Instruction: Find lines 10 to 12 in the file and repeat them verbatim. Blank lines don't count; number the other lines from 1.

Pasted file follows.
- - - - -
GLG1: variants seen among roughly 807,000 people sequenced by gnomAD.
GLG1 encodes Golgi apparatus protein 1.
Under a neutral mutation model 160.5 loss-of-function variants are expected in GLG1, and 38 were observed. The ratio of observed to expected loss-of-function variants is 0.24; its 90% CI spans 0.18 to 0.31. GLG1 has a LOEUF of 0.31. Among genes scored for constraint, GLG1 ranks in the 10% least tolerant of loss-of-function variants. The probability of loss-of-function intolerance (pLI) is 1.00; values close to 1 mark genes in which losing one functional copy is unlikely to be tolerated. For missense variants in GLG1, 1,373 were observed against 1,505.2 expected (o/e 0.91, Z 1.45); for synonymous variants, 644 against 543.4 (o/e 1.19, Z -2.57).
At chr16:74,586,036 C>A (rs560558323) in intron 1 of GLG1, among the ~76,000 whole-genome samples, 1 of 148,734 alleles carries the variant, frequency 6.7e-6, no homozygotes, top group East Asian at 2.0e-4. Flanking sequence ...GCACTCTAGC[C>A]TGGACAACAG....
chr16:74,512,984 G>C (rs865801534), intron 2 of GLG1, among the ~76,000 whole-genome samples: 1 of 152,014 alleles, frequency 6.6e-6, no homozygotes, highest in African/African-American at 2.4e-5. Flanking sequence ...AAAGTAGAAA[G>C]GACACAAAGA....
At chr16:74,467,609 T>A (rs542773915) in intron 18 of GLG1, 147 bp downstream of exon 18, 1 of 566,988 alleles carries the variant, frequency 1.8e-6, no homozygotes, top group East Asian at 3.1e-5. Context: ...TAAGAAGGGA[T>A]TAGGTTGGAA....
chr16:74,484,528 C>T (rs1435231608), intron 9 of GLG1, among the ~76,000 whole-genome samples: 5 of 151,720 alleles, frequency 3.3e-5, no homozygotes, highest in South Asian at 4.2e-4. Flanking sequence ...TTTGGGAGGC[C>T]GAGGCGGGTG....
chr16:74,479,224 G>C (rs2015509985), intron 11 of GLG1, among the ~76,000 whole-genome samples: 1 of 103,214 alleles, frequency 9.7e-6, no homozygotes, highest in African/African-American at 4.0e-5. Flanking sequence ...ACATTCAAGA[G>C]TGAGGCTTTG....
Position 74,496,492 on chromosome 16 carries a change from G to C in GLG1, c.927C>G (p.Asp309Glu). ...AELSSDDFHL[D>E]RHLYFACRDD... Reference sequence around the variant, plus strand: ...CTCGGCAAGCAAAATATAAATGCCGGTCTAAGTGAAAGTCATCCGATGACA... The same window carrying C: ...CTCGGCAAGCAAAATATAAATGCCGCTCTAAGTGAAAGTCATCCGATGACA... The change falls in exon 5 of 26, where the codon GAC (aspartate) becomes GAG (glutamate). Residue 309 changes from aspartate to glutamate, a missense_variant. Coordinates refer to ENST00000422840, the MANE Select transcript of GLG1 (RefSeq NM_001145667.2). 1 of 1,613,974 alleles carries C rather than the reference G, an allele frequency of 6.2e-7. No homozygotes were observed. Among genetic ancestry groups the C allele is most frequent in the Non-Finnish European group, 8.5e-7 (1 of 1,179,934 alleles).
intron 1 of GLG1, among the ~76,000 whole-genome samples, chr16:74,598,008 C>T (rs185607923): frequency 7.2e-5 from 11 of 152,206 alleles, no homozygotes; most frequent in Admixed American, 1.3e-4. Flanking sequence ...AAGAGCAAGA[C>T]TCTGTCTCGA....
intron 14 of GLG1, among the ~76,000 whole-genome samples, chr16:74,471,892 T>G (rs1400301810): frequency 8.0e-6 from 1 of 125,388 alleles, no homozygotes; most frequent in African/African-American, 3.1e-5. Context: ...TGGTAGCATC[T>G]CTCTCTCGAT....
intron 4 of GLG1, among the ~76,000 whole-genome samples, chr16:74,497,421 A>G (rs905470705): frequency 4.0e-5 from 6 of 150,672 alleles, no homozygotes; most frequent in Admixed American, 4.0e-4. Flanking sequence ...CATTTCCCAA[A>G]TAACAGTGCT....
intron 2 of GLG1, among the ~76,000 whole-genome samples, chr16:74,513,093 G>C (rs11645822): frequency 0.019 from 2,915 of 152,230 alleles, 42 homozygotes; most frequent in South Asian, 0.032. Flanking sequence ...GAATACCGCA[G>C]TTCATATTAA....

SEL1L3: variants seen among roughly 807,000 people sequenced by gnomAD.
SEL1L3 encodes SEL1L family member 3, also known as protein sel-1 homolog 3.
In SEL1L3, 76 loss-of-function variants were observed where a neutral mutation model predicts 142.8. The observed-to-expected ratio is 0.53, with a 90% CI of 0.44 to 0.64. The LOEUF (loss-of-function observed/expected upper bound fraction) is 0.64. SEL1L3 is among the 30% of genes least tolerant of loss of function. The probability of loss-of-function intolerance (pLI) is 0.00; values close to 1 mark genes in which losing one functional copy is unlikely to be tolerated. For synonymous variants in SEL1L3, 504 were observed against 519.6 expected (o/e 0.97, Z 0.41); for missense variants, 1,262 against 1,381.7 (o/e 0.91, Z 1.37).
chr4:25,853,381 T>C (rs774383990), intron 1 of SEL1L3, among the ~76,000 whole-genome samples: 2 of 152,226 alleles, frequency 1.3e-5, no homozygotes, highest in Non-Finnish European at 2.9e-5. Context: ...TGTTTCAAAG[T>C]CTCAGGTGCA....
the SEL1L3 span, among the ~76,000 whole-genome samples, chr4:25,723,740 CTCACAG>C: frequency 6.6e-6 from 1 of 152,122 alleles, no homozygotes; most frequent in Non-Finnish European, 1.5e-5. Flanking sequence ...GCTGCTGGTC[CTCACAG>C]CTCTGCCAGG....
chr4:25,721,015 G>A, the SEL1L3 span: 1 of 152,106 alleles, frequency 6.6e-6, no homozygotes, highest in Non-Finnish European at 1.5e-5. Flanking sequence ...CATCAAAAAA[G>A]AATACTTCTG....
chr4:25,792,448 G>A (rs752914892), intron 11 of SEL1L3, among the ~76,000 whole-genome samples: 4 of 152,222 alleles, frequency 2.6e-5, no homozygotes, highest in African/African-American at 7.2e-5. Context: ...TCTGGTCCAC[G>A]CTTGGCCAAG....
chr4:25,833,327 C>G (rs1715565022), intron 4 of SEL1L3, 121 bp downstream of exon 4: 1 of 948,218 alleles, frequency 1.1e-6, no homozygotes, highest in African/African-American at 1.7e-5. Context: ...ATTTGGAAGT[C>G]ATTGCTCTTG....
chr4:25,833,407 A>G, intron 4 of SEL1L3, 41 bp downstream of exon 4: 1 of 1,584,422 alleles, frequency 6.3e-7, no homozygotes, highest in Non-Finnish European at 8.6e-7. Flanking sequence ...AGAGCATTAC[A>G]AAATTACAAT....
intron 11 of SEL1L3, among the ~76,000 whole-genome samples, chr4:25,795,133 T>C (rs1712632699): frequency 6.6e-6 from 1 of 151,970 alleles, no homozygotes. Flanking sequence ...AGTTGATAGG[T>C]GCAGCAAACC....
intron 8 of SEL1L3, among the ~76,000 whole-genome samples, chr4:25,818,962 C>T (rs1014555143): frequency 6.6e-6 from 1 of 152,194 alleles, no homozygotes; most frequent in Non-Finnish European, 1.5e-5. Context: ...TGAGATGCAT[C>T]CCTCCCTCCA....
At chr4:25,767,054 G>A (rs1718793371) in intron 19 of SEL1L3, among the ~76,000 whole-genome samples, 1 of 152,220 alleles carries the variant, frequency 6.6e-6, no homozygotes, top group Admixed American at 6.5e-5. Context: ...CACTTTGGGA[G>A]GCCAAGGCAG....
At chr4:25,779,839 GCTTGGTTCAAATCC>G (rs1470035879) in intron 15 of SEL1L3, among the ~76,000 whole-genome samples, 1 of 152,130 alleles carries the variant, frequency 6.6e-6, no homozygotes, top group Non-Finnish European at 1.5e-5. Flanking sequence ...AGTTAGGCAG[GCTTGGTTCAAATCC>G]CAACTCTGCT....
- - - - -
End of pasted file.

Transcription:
intron 1 of GLG1, among the ~76,000 whole-genome samples, chr16:74,598,008 C>T (rs185607923): frequency 7.2e-5 from 11 of 152,206 alleles, no homozygotes; most frequent in Admixed American, 1.3e-4. Flanking sequence ...AAGAGCAAGA[C>T]TCTGTCTCGA....
intron 14 of GLG1, among the ~76,000 whole-genome samples, chr16:74,471,892 T>G (rs1400301810): frequency 8.0e-6 from 1 of 125,388 alleles, no homozygotes; most frequent in African/African-American, 3.1e-5. Context: ...TGGTAGCATC[T>G]CTCTCTCGAT....
intron 4 of GLG1, among the ~76,000 whole-genome samples, chr16:74,497,421 A>G (rs905470705): frequency 4.0e-5 from 6 of 150,672 alleles, no homozygotes; most frequent in Admixed American, 4.0e-4. Flanking sequence ...CATTTCCCAA[A>G]TAACAGTGCT....